‘Twelve Angry Men’, or The Origins of the Jury System

An earlier blog post talked about ‘straw men’ and compurgation; and to continue in that vein I wanted to say a few words about the origins of the modern jury. The timing for me is quite fortuitous, as I just hosted a small group of law students from Korea. Korea is in the early years of experimenting with the introduction of a jury system for a small number of criminal offenses, and while taking them on a tour of the U.S. district court (where they had occasion to observe a pre-trial hearing for a civil case, as well as testimony in a criminal case) I had ample opportunity to reflect on our use of juries.

Many people cringe at the sight of the ‘jury summons’ they receive in the mail every few years. I have to admit that I have no direct experience with serving as a juror– I’ve been bounced every time, which frequently happens to those with legal training–but nonetheless find the institution fascinating and I hope to have first-hand experience with this someday. The closest I’ve gotten so far is seeing “Twelve Angry Men” several times.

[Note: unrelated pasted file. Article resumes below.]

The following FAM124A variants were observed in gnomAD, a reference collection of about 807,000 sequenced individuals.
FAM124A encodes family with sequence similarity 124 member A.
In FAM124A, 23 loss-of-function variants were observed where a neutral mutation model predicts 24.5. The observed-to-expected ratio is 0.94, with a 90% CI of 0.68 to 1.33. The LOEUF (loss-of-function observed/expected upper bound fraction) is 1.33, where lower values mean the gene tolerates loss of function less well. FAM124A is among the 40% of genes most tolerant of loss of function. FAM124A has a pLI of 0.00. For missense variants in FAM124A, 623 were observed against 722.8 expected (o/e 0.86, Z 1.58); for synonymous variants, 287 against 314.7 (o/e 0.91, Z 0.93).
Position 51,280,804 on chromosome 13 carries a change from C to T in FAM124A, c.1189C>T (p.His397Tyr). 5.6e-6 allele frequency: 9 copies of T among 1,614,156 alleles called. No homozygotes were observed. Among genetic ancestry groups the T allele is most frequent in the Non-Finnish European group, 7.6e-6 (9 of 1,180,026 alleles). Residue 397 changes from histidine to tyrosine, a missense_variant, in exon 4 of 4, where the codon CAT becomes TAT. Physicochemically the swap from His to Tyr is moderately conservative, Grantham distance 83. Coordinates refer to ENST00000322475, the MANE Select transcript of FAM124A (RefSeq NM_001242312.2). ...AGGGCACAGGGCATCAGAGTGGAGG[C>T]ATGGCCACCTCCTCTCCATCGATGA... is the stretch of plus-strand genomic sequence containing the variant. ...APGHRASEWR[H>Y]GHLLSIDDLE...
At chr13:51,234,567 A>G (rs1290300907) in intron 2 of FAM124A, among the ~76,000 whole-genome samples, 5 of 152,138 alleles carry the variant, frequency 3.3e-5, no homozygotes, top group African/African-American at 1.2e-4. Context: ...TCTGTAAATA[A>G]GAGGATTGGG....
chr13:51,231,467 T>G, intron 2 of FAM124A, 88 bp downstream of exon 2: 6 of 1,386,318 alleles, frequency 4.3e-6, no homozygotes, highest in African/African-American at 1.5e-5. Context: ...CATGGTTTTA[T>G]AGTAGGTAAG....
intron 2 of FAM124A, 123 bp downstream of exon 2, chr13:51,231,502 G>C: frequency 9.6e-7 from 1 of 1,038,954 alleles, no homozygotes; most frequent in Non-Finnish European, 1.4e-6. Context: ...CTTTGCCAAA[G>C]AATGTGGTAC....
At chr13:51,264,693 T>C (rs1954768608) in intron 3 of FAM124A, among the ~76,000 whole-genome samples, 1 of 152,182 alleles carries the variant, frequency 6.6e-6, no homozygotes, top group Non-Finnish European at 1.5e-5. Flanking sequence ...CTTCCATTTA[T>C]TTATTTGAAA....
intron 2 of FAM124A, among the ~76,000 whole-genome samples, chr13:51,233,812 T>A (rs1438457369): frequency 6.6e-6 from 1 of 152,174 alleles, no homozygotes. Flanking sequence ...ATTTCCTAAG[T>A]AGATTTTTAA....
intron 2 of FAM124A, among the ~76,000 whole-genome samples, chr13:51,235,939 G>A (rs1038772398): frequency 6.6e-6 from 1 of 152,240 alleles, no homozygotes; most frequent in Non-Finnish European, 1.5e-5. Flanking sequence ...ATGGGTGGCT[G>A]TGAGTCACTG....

We say that the two most important duties of a citizen are voting and jury duty; yet too many Americans don’t bother with the former and bend over backwards to avoid the latter. I thought it might be instructive to write a few words about medieval juries so as to put the role of juries in historical context. For its origins, we need to go back at least as far as the Norman conquest of 1066. As originally conceived, a jury was a body of men sworn to give a true answer to a question– they essentially provided information of interest to the Crown related to property and questions of law, the best example being the “Domesday” survey of Great Britain completed in the 1080s. It not infrequently, if incorrectly, is referred to as the “Doomsday Book”–the etymology probably is from the old English word “dom” meaning “judgment”–and judgment it was, as the tax and property judgments made in it were unalterable and not subject to any appeal!